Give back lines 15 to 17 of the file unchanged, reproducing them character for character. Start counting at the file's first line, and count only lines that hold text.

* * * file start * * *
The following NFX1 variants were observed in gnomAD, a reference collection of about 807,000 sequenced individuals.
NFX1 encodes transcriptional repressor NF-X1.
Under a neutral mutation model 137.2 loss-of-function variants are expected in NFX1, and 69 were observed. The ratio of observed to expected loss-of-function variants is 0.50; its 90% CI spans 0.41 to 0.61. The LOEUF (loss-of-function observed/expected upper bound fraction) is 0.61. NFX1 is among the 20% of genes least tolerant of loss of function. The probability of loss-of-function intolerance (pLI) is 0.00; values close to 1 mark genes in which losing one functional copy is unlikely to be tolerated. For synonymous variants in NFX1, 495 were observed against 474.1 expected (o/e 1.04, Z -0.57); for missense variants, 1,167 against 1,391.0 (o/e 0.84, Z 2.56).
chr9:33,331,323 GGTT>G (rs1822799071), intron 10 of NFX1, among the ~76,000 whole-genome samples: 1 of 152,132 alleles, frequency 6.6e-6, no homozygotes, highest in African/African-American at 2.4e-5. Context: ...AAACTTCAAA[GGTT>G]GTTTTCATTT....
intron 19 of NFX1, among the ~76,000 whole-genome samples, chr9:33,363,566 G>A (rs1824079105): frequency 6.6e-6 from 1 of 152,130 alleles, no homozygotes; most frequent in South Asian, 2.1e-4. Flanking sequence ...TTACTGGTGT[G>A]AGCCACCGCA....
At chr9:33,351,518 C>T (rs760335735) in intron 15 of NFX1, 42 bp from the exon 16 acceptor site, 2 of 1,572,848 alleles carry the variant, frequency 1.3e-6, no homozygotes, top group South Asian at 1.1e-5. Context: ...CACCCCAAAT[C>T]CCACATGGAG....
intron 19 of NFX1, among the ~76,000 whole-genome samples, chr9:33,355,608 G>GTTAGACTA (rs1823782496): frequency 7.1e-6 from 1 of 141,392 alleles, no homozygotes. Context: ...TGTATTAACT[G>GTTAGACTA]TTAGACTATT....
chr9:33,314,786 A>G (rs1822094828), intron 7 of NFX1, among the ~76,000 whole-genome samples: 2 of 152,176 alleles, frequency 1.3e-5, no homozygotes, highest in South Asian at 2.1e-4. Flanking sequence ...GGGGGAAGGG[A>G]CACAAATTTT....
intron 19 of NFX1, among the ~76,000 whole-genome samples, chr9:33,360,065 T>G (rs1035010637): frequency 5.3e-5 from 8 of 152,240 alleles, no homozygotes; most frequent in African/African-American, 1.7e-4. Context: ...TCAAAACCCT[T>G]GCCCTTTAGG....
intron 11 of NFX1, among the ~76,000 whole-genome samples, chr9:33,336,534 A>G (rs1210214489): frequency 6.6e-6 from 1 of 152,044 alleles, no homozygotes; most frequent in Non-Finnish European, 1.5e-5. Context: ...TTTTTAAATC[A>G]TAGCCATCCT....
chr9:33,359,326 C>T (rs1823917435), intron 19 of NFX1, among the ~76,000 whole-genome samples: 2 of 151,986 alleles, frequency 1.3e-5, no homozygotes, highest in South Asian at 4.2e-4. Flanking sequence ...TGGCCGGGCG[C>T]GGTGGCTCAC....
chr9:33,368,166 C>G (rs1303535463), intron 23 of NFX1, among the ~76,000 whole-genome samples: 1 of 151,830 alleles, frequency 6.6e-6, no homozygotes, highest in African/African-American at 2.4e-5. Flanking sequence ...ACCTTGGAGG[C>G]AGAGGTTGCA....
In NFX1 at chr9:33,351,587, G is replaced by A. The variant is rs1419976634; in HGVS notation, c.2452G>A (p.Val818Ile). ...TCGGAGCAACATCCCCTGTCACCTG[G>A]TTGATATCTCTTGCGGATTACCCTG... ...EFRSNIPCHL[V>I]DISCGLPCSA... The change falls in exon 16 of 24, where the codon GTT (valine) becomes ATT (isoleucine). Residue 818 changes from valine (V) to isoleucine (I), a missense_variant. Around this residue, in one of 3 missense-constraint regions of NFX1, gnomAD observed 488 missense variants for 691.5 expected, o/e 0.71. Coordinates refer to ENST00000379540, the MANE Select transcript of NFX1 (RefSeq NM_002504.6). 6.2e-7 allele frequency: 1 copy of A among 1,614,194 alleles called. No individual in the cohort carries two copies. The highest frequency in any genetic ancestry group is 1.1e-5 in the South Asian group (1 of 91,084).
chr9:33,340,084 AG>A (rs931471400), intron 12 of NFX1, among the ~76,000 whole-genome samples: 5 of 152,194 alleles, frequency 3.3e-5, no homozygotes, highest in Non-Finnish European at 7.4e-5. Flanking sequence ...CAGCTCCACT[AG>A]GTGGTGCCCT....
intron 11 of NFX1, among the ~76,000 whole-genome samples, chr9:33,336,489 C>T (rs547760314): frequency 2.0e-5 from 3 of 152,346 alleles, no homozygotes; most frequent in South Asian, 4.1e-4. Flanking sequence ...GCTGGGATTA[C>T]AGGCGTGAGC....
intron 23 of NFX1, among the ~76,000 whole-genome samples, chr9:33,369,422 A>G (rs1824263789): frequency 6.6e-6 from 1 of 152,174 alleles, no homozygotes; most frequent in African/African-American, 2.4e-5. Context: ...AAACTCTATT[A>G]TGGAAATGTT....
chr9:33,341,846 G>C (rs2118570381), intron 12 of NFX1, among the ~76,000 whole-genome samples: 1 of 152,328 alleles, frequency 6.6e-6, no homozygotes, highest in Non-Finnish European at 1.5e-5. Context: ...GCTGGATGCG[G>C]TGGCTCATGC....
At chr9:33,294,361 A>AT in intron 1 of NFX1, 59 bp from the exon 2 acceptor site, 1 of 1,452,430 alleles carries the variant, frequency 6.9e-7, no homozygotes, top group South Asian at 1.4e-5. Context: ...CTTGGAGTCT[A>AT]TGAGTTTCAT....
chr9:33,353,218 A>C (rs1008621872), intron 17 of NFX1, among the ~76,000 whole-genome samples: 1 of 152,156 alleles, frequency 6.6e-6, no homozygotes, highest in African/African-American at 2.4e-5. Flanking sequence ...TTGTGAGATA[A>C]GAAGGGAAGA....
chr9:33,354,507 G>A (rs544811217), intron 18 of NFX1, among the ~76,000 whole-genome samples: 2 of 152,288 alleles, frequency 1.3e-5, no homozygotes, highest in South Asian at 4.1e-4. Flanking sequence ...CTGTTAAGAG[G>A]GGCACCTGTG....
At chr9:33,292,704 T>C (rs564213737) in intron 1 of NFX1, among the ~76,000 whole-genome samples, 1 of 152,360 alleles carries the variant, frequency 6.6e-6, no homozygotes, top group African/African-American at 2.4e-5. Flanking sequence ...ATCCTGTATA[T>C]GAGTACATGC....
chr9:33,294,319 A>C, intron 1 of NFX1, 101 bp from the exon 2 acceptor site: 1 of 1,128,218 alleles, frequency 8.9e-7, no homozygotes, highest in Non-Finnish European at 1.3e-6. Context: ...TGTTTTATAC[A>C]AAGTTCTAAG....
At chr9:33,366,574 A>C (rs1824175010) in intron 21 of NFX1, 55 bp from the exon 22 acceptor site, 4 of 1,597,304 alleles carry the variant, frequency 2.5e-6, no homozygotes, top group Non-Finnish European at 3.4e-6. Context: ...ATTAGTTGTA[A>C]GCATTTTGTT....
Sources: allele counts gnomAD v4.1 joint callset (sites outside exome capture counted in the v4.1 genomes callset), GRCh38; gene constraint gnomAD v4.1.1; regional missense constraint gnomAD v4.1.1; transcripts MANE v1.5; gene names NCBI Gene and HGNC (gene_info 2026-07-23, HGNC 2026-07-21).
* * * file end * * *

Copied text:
intron 11 of NFX1, among the ~76,000 whole-genome samples, chr9:33,336,489 C>T (rs547760314): frequency 2.0e-5 from 3 of 152,346 alleles, no homozygotes; most frequent in South Asian, 4.1e-4. Flanking sequence ...GCTGGGATTA[C>T]AGGCGTGAGC....
intron 23 of NFX1, among the ~76,000 whole-genome samples, chr9:33,369,422 A>G (rs1824263789): frequency 6.6e-6 from 1 of 152,174 alleles, no homozygotes; most frequent in African/African-American, 2.4e-5. Context: ...AAACTCTATT[A>G]TGGAAATGTT....
chr9:33,341,846 G>C (rs2118570381), intron 12 of NFX1, among the ~76,000 whole-genome samples: 1 of 152,328 alleles, frequency 6.6e-6, no homozygotes, highest in Non-Finnish European at 1.5e-5. Context: ...GCTGGATGCG[G>C]TGGCTCATGC....